Another tip, when you finished any winter ride get into the habit of plugging in the tender before you put the cover back on you never know when that 12-20inch snowfall will hit.

My Harley Ultra has always been my winter bike for the last 10 years because of the protection but this year I may be riding the 12GS Adv all winter.

Check out http://www.yearroundriders.com/ for winter riding tips.

I can't remember where I got mine from (I bought a gal) but here is a linky to a source for ACF-50 http://www.aircraftspruce.com/catalog/appages/acf50.php

One last word - Gerbing

Dave
Dave,

I went to the Rounder's web site. Well, I was embarrassed--being from SO CA!

That aircraft anti-corrosion coating was great! Thank you.
 

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jayjacobson said:
Dave,

I went to the Rounder's web site. Well, I was embarrassed--being from SO CA!

That aircraft anti-corrosion coating was great! Thank you.
Thanks for all the info guys--this was my first post after lurking awhile. It is my younger brother who gave the first reply about adding a ski... I'm especially interested in the corrosion spray... with all the advice I've received-I look forward to many winter rides, something I never attempted on other previous bikes... Tim
 

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I was out today - went to BMW, got 2 new Metzs installed and bought a battery tender. 32 degrees on the BC. Windshield up, long sleeve T, North Face jacket, BMW jacket, full face helmet, long johns, jeans, tennis shoes. Grips heat on high, seat heat on low. The only reason I couldn't stay out longer is the tops of my hands got too cold. May look into heated gloves (saw some Gerbings at dealership). Anyway, like I was saying, as long as there's no snow on the roads, I can always bundle up!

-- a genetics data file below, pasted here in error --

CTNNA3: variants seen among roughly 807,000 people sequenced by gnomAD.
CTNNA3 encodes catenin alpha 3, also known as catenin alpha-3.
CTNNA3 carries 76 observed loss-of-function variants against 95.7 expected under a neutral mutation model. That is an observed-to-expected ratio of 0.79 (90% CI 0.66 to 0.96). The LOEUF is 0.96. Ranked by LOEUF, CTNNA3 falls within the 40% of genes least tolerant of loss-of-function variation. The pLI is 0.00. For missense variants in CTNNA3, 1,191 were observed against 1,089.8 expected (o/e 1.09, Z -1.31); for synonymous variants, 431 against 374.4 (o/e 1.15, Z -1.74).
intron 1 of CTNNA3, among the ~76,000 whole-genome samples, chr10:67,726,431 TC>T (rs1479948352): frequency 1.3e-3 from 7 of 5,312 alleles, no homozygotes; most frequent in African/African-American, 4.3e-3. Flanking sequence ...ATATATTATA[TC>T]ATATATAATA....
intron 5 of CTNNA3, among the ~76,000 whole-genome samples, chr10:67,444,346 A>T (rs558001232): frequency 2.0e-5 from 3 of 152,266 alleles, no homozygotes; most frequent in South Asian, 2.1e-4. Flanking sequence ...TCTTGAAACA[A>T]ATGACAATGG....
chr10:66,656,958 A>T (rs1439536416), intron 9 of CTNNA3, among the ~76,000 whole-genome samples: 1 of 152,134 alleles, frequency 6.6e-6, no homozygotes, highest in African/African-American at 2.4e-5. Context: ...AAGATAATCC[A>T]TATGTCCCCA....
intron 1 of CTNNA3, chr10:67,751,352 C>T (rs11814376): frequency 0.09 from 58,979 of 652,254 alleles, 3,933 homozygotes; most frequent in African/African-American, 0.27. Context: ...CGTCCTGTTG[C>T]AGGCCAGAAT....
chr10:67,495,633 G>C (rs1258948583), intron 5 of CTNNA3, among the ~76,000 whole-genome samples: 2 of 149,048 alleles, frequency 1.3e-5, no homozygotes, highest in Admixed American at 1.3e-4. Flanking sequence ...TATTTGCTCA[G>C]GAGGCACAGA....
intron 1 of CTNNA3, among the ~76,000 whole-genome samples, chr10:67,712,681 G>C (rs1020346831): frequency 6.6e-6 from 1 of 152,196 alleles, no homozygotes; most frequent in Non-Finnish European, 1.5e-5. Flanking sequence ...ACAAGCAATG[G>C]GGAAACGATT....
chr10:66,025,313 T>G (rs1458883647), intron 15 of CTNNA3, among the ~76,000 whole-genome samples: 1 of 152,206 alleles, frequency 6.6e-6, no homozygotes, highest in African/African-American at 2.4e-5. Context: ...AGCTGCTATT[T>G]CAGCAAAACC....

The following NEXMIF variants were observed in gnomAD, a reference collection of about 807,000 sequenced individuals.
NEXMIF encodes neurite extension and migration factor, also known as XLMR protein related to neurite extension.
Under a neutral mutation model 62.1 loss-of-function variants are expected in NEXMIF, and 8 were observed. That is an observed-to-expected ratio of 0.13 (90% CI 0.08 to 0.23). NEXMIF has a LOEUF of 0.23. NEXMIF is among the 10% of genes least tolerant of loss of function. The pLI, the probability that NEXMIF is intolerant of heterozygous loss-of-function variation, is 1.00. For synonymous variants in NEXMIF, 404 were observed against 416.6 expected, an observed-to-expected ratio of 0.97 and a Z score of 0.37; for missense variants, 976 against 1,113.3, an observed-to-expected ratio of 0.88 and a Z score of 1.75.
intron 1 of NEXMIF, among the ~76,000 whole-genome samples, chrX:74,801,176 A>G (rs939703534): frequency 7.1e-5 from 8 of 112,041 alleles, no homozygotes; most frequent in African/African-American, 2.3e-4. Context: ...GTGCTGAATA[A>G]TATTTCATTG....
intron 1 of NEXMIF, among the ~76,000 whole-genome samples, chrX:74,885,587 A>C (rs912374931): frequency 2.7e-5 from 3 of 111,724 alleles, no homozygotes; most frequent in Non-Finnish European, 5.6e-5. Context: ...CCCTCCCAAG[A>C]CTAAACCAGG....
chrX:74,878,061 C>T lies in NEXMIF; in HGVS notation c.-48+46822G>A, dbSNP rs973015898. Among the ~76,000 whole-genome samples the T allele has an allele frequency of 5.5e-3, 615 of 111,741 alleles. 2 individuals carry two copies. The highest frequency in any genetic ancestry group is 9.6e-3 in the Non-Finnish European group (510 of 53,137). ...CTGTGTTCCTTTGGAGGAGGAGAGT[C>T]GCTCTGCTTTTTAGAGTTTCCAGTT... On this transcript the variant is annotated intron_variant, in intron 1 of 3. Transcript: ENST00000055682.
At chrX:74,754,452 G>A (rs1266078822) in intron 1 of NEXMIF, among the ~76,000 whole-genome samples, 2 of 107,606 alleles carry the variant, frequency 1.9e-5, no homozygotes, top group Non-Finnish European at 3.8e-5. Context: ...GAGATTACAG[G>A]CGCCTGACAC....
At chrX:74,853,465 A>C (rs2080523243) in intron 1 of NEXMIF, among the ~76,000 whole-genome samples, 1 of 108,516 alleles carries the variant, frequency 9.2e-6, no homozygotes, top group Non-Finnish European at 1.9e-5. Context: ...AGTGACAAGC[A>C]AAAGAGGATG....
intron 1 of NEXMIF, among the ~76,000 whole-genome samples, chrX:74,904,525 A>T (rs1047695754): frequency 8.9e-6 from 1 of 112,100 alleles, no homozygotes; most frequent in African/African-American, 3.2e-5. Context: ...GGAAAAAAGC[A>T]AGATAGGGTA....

I did buy the tender though since I will probably go all week without starting it up. I barely got it to turn over today because it was sitting in a cold garage all last week.

BTW: by carport, do you mean garage? people from Wisc don't say carport ;)
 

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rjhammetter said:
I was out today - went to BMW, got 2 new Metzs installed and bought a battery tender. 32 degrees on the BC. Windshield up, long sleeve T, North Face jacket, BMW jacket, full face helmet, long johns, jeans, tennis shoes. Grips heat on high, seat heat on low. The only reason I couldn't stay out longer is the tops of my hands got too cold. May look into heated gloves (saw some Gerbings at dealership). Anyway, like I was saying, as long as there's no snow on the roads, I can always bundle up!

I did buy the tender though since I will probably go all week without starting it up. I barely got it to turn over today because it was sitting in a cold garage all last week.

BTW: by carport, do you mean garage? people from Wisc don't say carport ;)
Ryan,

When it's 32 out, do you ever find some black ice on your roadway?

I commute between two loc's also. In the winter, it gets cold in Lancaster (high desert elevation/under 30 degrees); and I always think about hitting ice in the roadway!
 

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ummm, I rode a moped for 5 years and a 750cc Honda for 3 before getting this LT. rode the scooter year round (in snow, used feet as skis). never had any problem with hitting an ice patch I couldn't see coming on either bike.